In Spain, the case of the forced kiss “highlighted the response from civil society”

Over the past ten days, the case of the forced kiss by the head of Spanish football, Luis Rubiales, on player Jennifer Hermoso’s cheek has caused quite a stir in Spain, a country known for being advanced in women’s rights.

Now dubbed the “#MeToo of Spanish football,” the case of the “forced kiss” by the head of Spanish football, Luis Rubiales, towards player Jennifer Hermoso – just after the victory of “La Roja” in the World Cup on August 20 – is shaking Spain and making headlines for the past ten days.

On Monday, August 28, two days after being suspended by FIFA, the pressure on Luis Rubiales intensified. On the legal front, the Spanish public prosecutor’s office announced the opening of a preliminary investigation for “sexual assault.”

Later in the day, the presidents of the regional football federations in Spain, summoned by the temporary president of the Federation, demanded his immediate resignation. The day before his suspension was announced, Luis Rubiales had stated that he would not resign. Throughout the affair, he has insisted that the kiss in question was consensual, which the player denies.

The federation presidents also called for “a profound and immediate restructuring of the strategic positions of the Federation in order to usher in a new stage of Spanish football management.” This decision was praised on Tuesday by the Spanish government, which pledged to end all discrimination against women in sports.

A “great event” spoiled

The case of the forced kiss has overshadowed the victory of the Spanish women, who brought home their first World Cup, just as their male counterparts had done thirteen years earlier.

“To have Spanish women win the World Cup is a great event for them. But this victory, which should have been celebrated, is somehow overshadowed by the symbolic belittlement of this women’s team,” says Carole Viñals, lecturer at the University of Lille and specialist in Spain.

This victory was even more important “as football has a considerable and central place in Spain, and women’s football was not completely respected,” explains Benoît Pellistrandi, a historian and specialist in Spain who was a guest on France 24. He emphasizes that “it has only been about ten years since it has gradually occupied a certain space.”

For him, the Spanish victory aimed to “place women’s football on an equal footing with men’s football.” He believes that the celebration is “completely spoiled” by the “illustration of a macho, brutal, crude, vulgar behavior that is exacerbated by the way Rubiales shamelessly clings to his position.”

Acts from a different mentality and age

On Monday, RFI reported that hundreds of people gathered in Madrid at the initiative of the association “Feminismo Madrid” with slogans such as “Se acabo” (“It’s over”) or “No es un pico, es una agresión” (“It’s not a kiss, it’s an aggression”). According to RFI, among the participants were Yolanda Diaz, the Minister of Labor and Deputy Prime Minister, and Irene Montero, Minister of Equality.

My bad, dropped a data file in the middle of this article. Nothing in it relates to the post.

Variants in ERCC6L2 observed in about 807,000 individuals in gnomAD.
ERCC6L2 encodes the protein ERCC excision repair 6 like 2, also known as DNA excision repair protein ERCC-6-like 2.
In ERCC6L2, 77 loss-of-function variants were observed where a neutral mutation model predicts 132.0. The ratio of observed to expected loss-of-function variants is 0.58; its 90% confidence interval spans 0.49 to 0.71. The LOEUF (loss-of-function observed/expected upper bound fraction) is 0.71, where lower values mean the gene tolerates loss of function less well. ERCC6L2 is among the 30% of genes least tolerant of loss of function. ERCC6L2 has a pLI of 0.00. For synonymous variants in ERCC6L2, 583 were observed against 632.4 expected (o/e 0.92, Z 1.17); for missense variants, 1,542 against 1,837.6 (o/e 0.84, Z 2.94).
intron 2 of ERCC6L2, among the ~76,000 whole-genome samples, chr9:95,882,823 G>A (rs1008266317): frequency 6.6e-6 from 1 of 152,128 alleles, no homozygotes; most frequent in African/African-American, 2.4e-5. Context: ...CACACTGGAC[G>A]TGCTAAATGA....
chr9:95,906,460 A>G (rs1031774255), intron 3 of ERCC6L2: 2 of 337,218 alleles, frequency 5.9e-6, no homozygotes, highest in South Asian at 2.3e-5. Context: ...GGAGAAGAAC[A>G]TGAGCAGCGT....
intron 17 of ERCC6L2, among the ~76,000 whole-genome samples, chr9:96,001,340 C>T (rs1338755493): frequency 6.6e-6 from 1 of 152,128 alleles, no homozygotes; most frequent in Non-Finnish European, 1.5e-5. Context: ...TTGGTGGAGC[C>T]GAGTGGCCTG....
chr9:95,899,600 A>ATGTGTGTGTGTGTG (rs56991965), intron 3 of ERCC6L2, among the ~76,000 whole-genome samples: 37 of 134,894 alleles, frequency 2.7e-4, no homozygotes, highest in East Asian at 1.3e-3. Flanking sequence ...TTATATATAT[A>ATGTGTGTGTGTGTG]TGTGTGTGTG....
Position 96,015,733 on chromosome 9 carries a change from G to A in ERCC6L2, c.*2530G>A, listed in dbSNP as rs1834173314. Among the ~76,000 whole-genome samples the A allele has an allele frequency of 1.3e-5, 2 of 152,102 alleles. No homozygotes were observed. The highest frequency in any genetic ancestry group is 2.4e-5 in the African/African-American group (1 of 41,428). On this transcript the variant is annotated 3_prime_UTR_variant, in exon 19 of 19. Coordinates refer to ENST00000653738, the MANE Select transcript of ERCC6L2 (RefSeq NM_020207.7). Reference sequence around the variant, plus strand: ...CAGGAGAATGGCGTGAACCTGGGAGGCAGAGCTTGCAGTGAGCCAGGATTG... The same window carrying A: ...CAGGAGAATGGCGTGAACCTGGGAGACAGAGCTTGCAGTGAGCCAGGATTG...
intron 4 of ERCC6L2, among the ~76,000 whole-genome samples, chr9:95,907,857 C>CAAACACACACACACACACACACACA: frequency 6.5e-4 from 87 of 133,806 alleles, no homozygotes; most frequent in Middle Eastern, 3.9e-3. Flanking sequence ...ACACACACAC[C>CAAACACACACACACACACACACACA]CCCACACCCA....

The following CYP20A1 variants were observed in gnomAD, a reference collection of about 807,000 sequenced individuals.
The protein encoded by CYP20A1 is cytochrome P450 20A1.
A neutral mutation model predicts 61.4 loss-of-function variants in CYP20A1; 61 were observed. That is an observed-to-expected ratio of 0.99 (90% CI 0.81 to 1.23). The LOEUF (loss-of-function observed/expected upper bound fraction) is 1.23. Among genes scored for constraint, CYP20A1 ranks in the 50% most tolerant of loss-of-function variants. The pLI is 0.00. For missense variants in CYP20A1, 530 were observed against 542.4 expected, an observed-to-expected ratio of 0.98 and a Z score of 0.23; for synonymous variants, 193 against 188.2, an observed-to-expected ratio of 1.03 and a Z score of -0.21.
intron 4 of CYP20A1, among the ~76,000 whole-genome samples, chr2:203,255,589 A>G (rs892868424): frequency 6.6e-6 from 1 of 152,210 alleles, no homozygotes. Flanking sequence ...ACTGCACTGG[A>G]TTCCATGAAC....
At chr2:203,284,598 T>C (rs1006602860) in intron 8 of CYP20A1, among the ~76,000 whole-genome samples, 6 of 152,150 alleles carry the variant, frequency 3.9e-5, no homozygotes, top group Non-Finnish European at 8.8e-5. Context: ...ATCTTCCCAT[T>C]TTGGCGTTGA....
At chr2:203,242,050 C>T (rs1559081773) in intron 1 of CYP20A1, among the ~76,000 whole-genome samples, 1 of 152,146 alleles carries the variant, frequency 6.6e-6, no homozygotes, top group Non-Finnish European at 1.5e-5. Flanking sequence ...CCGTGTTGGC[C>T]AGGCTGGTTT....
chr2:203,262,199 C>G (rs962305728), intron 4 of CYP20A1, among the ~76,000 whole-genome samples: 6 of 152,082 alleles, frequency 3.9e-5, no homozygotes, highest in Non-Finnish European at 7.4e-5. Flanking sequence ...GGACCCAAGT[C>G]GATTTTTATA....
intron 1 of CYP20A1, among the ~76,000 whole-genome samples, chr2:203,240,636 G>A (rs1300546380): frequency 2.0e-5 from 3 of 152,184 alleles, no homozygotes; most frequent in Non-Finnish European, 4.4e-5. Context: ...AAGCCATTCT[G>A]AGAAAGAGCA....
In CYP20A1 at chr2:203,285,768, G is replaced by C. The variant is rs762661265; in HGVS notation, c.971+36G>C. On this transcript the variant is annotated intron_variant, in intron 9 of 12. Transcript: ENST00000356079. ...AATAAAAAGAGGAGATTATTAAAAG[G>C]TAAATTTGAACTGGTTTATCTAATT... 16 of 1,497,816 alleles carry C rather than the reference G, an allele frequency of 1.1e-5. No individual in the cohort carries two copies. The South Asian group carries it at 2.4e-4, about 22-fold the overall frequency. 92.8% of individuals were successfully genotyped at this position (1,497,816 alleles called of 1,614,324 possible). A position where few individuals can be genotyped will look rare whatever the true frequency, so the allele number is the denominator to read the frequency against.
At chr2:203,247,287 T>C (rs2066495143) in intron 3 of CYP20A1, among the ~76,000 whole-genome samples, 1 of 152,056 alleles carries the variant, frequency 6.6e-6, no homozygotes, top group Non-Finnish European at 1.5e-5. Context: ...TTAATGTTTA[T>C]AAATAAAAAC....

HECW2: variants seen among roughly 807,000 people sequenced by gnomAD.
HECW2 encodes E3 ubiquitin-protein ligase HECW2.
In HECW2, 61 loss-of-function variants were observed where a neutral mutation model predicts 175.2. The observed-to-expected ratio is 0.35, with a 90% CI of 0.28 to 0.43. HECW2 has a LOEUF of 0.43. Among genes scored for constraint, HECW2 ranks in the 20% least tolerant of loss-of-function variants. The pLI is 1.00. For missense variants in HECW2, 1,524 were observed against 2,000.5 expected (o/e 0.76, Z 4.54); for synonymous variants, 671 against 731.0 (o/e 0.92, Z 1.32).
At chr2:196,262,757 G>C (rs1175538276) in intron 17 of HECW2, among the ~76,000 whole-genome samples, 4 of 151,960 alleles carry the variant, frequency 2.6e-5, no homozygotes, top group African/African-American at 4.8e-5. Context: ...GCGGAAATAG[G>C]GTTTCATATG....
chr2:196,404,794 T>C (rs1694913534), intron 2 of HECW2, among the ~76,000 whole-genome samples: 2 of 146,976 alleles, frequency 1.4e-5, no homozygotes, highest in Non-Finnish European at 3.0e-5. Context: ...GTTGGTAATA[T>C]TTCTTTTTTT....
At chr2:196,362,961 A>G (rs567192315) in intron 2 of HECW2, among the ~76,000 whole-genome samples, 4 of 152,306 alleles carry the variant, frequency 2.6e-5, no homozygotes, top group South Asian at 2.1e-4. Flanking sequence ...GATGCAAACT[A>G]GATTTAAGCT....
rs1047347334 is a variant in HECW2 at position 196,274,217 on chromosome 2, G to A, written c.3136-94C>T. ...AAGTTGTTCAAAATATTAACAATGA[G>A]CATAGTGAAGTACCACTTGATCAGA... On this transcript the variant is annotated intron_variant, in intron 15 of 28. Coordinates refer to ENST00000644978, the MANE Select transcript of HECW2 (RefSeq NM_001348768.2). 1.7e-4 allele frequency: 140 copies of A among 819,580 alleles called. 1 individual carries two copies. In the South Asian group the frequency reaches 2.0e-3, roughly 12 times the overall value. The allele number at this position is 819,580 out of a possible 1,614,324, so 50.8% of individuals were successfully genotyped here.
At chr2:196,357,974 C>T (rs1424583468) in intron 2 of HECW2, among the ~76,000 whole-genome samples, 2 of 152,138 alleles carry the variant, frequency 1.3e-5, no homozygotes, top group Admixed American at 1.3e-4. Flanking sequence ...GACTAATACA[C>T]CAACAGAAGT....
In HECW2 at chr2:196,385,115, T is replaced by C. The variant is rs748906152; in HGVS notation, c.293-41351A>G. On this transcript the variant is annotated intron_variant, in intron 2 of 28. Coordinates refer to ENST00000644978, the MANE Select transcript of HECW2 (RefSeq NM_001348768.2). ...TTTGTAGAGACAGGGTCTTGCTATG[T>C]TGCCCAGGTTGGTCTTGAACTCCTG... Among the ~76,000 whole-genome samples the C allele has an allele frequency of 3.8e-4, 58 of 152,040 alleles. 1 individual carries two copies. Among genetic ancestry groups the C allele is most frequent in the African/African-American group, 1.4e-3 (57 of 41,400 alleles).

For several years, Spain has been at the forefront of women’s rights and equality in Europe, despite a strong Catholic tradition and a culture marked by machismo. The socialist government under Spanish Prime Minister Pedro Sanchez has more women than men.

“For over twenty years, with the socialist government of José Luis Zapatero, a very active prevention policy was implemented to combat feminicides. In this regard, Spain has one of the lowest rates in Europe,” recalls Benoît Pellistrandi.

He continues, indicating that Pedro Sanchez’s government, “especially its left wing” around Irene Montero (former deputy leader of the radical left party Podemos), had “significantly strengthened the policy for the protection of women, particularly in sexual relationships” with the law of “Solo si es si” – which places consent at the heart of sexual activity. The expert believes that Luis Rubiales’ behavior “goes against all the efforts that Spanish society is making to eliminate these practices and gestures that belong to a different mentality and age.”

According to Carole Viñals, the case of the forced kiss “has shown the response of civil society, which will be accompanied, as always in Spain, by new institutional measures in sports that will be driven by the realization that women cannot be subjected to unwanted touching,” says Carole Viñals. “Kissing a woman without her consent is an act of violence.”

The specialist also points out that Spain may be a pioneer in women’s rights, but there is still a “structural machismo” inherited from the Franco dictatorship, spanning from 1939 to the constitution in 1978.

Awareness in sports

According to Carole Viñals, this “structural machismo” is also found in sports, particularly in football, which is “not particularly feminist sectors”. “Football was also one of the symbols of Francoist Spain,” she explains. But according to the specialist, “something is changing in the realm of football” since the Rubiales incident. She specifically refers to the reaction of several Spanish athletes, such as former goalkeeper of Real Madrid and the Spanish national team, Iker Casillas, who, according to her, “is not known for his feminism.”

On Friday, the former Spanish national team goalie expressed his “shame” in a message on X. In another message posted the same day, he wrote: “We should have spent these 5 days talking about our daughters! About the joy they all brought us! Boasting about a title we didn’t have in women’s football but…”.

“Football was one of the fields that remained most rooted in a certain masculine tradition. And now, there is an awareness,” concludes Carole Viñals.

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